Muni’s on-time performance is failing to live up to the service level San Francisco voters said they wanted eight years ago and some buses have barely shown up on schedule half of the time during the last six years.
Passengers who travel on the 81X-Caltrain Express — which runs in the morning hours from Townsend and Fourth streets to Beale and Howard streets crossing Market Street twice — have the distinction of boarding the worst on-time performing bus in the Muni system.
This bus has shown up on schedule only an average of 51 percent of the time during the last six fiscal years, according to a voter-mandated service report. It’s estimated that 125 riders board this line daily.
The 353 riders who daily board the Muni late-night-service route known as the 90-Owl, which runs from Visitacion Valley to Fort Mason, have a more predictable transit experience. The 90-Owl has arrived on schedule 84.5 percent of the time during the past six fiscal years, the best on-time performer in the Muni system.
During the last six fiscal years, Muni’s worst on-time performance systemwide was in fiscal year 2004, when Muni showed up on schedule 68.8 percent of time, the report said.
The best on-time service came in fiscal year 2005 when Muni made its scheduled stops 71 percent of the time. In the first three months of this fiscal year — July though September — Muni has been on time 70.8 percent of the time.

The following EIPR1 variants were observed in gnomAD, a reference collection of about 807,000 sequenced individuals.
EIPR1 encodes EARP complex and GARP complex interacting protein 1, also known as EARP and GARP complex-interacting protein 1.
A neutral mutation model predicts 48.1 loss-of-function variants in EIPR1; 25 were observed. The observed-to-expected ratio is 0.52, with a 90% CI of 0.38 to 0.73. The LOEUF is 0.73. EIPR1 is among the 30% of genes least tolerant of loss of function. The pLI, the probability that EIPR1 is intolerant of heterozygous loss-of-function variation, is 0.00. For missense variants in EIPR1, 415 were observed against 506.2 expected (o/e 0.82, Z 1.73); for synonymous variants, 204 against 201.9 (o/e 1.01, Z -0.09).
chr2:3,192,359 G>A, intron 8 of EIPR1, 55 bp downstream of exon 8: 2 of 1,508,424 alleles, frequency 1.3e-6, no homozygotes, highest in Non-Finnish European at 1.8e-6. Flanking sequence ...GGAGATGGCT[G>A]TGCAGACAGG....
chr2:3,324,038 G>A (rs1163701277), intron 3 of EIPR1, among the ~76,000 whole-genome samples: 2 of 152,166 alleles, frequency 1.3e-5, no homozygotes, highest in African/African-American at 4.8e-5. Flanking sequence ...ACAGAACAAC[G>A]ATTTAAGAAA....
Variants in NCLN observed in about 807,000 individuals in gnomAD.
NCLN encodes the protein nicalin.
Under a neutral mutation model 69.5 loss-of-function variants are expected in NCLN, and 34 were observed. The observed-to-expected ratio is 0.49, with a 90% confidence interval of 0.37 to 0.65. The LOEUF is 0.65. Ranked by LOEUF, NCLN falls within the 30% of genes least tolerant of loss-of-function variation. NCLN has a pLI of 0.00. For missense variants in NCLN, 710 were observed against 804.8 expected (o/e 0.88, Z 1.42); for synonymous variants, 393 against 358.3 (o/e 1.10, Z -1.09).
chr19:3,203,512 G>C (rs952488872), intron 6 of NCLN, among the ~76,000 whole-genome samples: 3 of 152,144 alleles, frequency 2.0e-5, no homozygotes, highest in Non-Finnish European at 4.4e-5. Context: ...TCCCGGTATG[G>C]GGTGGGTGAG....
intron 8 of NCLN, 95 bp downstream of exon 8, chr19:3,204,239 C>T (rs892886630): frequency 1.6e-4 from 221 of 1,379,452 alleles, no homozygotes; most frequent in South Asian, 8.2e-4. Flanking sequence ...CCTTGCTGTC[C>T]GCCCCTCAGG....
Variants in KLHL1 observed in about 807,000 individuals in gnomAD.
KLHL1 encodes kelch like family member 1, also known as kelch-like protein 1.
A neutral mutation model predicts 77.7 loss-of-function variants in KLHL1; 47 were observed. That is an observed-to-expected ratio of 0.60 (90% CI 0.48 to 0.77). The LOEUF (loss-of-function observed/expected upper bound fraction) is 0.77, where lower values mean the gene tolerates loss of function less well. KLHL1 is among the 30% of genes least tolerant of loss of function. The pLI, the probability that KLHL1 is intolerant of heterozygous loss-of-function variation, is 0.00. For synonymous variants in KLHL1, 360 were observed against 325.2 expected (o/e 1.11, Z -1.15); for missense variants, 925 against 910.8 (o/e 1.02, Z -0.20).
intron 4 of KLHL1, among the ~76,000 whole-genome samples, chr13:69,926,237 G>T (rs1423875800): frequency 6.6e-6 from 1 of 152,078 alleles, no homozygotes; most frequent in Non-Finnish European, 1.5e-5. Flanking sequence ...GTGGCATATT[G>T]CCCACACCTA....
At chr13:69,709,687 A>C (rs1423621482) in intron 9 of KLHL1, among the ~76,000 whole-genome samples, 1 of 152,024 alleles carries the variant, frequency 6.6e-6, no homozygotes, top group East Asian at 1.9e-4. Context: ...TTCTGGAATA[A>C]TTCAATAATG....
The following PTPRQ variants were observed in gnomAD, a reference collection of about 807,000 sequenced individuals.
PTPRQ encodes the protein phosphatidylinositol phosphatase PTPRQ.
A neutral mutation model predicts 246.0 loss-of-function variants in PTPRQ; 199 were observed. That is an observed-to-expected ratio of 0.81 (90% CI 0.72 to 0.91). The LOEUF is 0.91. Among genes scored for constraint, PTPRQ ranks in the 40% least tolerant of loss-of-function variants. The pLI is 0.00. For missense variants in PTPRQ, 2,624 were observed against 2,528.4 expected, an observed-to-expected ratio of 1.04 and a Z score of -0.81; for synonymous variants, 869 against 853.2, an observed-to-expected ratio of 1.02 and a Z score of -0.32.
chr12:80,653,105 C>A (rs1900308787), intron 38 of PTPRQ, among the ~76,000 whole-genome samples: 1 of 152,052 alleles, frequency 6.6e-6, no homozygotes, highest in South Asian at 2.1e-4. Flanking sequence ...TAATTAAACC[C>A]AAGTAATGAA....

The board of directors for the San Francisco Municipal Transportation Agency will review the report today, two weeks after voting to give a $17,000 raise and a $20,860 bonus to MTA Executive Director Nathaniel Ford. Ford, who took over in January 2006 as the highest-paid public employee, will be earning $315,140 a year.
The transit agency has long been criticized for its unreliable buses. In 1999, voters approved Proposition E, which mandated a regular review of Muni’s performance and set performance measures to improve service. Muni buses, streetcars and the historic cable cars are supposed to be on time at least 85 percent of the time, voters said.
Those who want better Muni service are hopeful positive changes will come from the Transit Effectiveness Project, an 18-month study thatwill overhaul the transit system, as well as Proposition A, which voters approved this November. The ballot measure allocates at least $26 million more to Muni and grants MTA more autonomy.
“What we’re looking at is what the future holds,” MTA spokesman Alan Siegel said. He said that while on-time performance “is not what it should be,” overall it “tends to be getting better.”